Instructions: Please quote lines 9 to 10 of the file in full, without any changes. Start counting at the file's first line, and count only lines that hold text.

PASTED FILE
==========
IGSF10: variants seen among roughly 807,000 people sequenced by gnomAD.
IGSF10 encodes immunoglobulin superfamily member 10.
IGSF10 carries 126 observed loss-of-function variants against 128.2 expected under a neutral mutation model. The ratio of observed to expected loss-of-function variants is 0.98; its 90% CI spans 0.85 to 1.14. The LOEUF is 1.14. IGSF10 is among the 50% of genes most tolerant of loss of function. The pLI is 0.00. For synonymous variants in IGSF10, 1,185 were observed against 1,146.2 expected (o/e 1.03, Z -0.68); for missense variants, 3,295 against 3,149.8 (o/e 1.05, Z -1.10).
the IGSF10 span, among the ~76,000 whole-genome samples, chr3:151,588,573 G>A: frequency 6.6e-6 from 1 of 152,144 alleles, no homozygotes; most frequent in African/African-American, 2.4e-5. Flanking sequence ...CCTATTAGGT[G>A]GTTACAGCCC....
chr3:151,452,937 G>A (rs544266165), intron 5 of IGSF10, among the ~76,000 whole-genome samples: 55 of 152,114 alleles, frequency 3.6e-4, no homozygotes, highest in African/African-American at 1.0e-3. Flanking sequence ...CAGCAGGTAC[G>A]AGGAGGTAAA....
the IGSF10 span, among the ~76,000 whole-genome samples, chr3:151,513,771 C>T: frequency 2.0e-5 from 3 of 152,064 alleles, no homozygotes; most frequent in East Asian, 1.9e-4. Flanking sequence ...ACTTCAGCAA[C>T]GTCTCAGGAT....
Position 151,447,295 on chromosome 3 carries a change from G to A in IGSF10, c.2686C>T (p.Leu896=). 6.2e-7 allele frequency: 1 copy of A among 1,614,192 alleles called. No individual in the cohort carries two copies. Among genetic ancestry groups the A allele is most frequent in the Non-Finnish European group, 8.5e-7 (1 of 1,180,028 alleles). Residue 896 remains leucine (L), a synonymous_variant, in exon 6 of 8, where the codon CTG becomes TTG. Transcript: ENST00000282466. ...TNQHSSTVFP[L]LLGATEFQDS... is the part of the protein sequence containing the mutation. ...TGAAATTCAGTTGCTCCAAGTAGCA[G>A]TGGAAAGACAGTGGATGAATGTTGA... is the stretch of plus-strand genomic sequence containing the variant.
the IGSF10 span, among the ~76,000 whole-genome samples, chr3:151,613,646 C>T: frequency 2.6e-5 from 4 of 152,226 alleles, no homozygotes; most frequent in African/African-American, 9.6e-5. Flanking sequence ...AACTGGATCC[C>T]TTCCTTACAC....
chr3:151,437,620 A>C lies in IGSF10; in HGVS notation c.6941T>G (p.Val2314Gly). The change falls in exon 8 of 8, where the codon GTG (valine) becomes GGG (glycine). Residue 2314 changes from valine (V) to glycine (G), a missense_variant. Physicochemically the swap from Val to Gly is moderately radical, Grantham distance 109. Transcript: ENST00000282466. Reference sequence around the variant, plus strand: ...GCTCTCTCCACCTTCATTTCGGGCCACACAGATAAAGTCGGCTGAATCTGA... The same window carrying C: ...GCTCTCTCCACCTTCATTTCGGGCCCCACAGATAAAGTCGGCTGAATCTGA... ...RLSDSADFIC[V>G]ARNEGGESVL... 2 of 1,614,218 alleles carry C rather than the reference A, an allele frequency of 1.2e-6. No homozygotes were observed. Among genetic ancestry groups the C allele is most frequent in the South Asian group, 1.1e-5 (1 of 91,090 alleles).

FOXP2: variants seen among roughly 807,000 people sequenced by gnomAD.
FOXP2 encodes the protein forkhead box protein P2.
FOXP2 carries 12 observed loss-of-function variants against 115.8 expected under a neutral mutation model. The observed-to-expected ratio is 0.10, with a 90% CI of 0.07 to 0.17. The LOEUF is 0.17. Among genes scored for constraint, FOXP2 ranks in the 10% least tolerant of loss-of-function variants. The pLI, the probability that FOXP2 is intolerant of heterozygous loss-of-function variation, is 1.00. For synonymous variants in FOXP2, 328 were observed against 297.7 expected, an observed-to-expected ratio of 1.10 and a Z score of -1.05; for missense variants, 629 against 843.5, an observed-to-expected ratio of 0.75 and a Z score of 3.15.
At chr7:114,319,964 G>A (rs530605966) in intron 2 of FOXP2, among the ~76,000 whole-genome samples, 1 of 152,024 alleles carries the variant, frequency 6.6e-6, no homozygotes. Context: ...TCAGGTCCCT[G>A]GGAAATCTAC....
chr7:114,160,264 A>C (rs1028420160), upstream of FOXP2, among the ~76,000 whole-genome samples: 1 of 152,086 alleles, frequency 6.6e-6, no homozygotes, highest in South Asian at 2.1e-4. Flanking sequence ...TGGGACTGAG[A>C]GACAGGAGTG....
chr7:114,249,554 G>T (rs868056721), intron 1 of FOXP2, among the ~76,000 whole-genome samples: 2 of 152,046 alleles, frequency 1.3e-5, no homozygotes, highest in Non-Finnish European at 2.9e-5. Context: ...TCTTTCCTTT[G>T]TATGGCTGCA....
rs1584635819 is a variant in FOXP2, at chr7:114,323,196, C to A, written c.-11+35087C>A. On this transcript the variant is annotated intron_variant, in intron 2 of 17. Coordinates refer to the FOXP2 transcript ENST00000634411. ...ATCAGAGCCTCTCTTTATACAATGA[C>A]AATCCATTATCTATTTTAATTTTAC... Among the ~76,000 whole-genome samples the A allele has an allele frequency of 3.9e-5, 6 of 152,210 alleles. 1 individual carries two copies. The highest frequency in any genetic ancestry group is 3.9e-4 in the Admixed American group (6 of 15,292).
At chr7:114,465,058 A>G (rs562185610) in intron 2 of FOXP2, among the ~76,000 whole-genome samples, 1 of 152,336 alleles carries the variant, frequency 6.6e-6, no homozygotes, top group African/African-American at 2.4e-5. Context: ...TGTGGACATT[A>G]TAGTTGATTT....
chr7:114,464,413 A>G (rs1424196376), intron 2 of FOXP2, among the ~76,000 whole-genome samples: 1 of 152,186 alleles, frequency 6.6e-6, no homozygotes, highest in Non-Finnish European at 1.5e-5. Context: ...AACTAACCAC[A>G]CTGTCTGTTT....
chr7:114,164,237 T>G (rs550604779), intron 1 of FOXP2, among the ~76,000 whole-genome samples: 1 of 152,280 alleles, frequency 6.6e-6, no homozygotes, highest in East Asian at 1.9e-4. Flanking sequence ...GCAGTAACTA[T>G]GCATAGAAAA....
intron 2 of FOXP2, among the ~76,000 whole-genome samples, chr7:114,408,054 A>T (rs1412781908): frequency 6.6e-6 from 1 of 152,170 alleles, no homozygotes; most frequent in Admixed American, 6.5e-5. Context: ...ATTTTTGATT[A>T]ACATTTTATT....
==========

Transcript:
chr3:151,437,620 A>C lies in IGSF10; in HGVS notation c.6941T>G (p.Val2314Gly). The change falls in exon 8 of 8, where the codon GTG (valine) becomes GGG (glycine). Residue 2314 changes from valine (V) to glycine (G), a missense_variant. Physicochemically the swap from Val to Gly is moderately radical, Grantham distance 109. Transcript: ENST00000282466. Reference sequence around the variant, plus strand: ...GCTCTCTCCACCTTCATTTCGGGCCACACAGATAAAGTCGGCTGAATCTGA... The same window carrying C: ...GCTCTCTCCACCTTCATTTCGGGCCCCACAGATAAAGTCGGCTGAATCTGA... ...RLSDSADFIC[V>G]ARNEGGESVL... 2 of 1,614,218 alleles carry C rather than the reference A, an allele frequency of 1.2e-6. No homozygotes were observed. Among genetic ancestry groups the C allele is most frequent in the South Asian group, 1.1e-5 (1 of 91,090 alleles).

FOXP2: variants seen among roughly 807,000 people sequenced by gnomAD.